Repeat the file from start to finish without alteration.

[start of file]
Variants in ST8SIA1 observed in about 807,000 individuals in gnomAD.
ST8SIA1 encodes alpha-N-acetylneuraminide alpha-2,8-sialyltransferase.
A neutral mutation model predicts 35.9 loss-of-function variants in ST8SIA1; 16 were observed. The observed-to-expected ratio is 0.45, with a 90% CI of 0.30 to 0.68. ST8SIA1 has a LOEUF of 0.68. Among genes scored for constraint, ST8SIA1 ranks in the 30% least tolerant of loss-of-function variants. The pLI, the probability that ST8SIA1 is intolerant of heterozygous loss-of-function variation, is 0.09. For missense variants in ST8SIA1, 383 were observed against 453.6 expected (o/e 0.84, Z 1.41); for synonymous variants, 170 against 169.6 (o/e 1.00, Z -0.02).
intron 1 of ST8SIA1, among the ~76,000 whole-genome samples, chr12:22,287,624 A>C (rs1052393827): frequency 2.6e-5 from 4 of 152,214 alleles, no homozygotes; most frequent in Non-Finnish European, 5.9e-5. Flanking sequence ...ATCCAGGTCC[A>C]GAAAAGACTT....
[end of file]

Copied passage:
Variants in ST8SIA1 observed in about 807,000 individuals in gnomAD.
ST8SIA1 encodes alpha-N-acetylneuraminide alpha-2,8-sialyltransferase.
A neutral mutation model predicts 35.9 loss-of-function variants in ST8SIA1; 16 were observed. The observed-to-expected ratio is 0.45, with a 90% CI of 0.30 to 0.68. ST8SIA1 has a LOEUF of 0.68. Among genes scored for constraint, ST8SIA1 ranks in the 30% least tolerant of loss-of-function variants. The pLI, the probability that ST8SIA1 is intolerant of heterozygous loss-of-function variation, is 0.09. For missense variants in ST8SIA1, 383 were observed against 453.6 expected (o/e 0.84, Z 1.41); for synonymous variants, 170 against 169.6 (o/e 1.00, Z -0.02).
intron 1 of ST8SIA1, among the ~76,000 whole-genome samples, chr12:22,287,624 A>C (rs1052393827): frequency 2.6e-5 from 4 of 152,214 alleles, no homozygotes; most frequent in Non-Finnish European, 5.9e-5. Flanking sequence ...ATCCAGGTCC[A>C]GAAAAGACTT....